Our Parishes – now and into the future

I have set out below some thoughts that I have about where we find our parishes at present and also where we might go in the future.  I stress that these thoughts are completely mine and should not be taken to represent the thinking of all those other parishioners who are currently involved in our leadership groups which are considering how our parishes may look like into the future.

Introduction

In May 2008, Fr Frank O’Loughlin in an address to one of the parishes in the Archdiocese, spoke about significant changes occurring in the Church.  The context was that “it is mostly hard to cope with major changes that occur before we are ready”.

What might the parish of the future look like, how might it function, are we ready to adapt to the changes that will occur, even if we are not really ready for them?

What is the current setting for our parishes?

We currently find our parish is functioning very differently from what we are used to, thanks to COVID-19.  Will we be able to go back to what we were used to?  I do not think it possible for us to endure what 2020 has thrown at us and to just wind back the clock, change will be upon us.  The Archdiocese has made it clear we cannot go back to the past, hence the decision to have our parish join with Camberwell, Balwyn and Deepdene Parishes to form a much larger parish unit.  The reality is that we have an ever-declining number of priests available to serve us, but also our number of parishioners has declined over the last decade(s) and the large numbers we used to have are a thing of the past and are not likely to return in the near future.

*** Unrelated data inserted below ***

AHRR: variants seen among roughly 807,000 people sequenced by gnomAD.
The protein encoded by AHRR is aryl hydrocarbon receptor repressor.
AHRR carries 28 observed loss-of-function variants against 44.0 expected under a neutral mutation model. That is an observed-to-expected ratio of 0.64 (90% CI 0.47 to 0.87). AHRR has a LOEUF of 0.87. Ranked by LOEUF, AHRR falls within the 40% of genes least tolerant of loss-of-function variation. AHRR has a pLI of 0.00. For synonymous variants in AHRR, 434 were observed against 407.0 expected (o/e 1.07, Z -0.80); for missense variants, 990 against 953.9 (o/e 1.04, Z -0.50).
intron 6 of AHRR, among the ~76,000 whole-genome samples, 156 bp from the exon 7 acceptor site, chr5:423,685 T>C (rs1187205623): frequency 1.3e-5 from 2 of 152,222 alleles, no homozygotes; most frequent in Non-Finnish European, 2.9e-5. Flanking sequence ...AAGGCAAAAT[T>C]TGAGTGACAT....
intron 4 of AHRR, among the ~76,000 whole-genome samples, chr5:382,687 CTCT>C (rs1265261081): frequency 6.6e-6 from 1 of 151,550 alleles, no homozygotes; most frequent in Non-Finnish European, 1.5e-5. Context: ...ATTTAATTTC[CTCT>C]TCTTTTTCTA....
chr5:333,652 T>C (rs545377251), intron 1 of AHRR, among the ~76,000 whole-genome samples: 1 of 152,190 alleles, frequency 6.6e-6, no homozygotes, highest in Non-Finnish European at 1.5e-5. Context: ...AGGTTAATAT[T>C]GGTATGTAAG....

So change is already underway.  Change is always challenging and raises many questions in people’s minds.  The creation of a much larger parish raises questions in the near term such as:

  • Will our Churches stay open?
  • Will we still have Mass in our church and will the times of Mass need to be rationalised across the parishes?
  • Will we have a priest who will be designated to largely look after us and with whom we can identify?
  • Will we still have some autonomy over governance, finance, liturgy and so on?